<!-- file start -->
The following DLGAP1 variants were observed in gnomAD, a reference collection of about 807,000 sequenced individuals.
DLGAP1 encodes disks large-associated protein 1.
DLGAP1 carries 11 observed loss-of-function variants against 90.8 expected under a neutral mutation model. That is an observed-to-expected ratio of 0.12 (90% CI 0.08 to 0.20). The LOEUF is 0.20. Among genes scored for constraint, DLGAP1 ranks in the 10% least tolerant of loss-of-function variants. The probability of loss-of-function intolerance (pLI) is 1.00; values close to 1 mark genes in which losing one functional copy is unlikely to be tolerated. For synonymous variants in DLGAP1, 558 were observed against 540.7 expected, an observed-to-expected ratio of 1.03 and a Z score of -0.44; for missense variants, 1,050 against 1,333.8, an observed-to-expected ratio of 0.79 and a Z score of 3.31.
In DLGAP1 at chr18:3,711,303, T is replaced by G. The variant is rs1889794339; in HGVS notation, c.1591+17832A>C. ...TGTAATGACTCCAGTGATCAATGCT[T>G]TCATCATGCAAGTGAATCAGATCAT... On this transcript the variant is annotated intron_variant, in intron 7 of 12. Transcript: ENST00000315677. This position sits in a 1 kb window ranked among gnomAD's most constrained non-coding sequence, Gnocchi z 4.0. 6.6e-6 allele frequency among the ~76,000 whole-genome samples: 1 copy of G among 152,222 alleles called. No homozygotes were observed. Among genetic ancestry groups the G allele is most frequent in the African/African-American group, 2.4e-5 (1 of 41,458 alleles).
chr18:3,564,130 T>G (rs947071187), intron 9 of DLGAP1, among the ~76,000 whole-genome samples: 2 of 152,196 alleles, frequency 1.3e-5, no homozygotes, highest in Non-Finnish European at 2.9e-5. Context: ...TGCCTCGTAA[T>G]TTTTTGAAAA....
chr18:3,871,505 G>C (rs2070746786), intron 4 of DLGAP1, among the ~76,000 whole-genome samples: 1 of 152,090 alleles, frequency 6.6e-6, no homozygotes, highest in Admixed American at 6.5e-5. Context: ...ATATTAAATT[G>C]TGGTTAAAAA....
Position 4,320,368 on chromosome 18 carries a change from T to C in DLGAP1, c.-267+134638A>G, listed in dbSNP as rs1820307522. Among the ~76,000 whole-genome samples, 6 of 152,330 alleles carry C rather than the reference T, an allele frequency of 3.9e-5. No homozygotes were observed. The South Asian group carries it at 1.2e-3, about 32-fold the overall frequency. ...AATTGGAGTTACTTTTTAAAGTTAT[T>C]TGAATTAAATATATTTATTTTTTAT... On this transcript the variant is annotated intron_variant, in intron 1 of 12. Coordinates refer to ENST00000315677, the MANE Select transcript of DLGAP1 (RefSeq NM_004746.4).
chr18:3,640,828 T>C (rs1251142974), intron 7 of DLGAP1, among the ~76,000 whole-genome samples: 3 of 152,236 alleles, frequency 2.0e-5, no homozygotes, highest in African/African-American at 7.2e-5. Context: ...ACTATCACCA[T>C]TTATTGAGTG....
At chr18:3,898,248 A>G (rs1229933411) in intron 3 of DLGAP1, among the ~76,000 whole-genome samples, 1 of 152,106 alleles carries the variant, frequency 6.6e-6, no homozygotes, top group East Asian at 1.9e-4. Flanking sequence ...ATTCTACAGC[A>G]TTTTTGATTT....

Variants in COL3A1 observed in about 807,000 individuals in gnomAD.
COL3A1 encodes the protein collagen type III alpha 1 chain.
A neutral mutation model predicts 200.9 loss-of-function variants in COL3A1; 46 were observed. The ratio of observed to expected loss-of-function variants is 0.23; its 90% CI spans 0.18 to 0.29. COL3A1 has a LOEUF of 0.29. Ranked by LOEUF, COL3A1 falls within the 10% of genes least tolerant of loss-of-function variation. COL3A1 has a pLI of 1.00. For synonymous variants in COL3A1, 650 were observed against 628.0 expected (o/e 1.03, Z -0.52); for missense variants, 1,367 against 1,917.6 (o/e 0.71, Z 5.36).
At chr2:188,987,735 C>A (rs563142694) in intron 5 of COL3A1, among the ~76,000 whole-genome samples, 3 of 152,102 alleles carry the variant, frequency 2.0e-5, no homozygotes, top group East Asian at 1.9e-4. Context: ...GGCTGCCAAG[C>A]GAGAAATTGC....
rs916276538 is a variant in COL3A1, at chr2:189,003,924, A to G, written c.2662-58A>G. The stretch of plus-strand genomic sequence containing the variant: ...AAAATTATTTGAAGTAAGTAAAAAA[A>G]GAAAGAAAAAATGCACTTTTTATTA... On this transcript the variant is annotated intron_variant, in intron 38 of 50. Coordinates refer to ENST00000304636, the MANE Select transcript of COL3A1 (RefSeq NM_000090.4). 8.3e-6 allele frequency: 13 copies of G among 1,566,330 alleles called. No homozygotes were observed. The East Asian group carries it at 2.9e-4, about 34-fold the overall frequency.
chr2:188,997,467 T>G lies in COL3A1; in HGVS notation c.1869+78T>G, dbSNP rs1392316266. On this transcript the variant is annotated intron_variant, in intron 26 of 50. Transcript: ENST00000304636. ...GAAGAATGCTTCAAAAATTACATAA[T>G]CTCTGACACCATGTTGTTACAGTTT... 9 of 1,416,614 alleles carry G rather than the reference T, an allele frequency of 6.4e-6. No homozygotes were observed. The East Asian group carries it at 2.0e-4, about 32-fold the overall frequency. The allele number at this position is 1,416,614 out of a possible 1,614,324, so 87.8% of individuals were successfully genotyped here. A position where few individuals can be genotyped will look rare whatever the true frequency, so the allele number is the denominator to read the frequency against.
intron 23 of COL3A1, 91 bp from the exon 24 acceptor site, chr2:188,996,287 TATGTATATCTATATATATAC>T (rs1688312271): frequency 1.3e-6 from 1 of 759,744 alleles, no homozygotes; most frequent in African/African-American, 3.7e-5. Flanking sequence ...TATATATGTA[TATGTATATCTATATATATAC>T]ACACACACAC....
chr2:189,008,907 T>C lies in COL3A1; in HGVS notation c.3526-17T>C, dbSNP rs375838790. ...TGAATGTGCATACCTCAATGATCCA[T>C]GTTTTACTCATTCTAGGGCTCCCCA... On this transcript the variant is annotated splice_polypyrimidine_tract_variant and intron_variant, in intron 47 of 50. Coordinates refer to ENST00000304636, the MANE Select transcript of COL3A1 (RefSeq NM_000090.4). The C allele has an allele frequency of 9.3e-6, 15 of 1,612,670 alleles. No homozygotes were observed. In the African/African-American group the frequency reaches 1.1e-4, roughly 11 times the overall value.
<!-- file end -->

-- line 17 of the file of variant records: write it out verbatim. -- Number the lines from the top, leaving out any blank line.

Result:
chr2:189,008,907 T>C lies in COL3A1; in HGVS notation c.3526-17T>C, dbSNP rs375838790. ...TGAATGTGCATACCTCAATGATCCA[T>C]GTTTTACTCATTCTAGGGCTCCCCA... On this transcript the variant is annotated splice_polypyrimidine_tract_variant and intron_variant, in intron 47 of 50. Coordinates refer to ENST00000304636, the MANE Select transcript of COL3A1 (RefSeq NM_000090.4). The C allele has an allele frequency of 9.3e-6, 15 of 1,612,670 alleles. No homozygotes were observed. In the African/African-American group the frequency reaches 1.1e-4, roughly 11 times the overall value.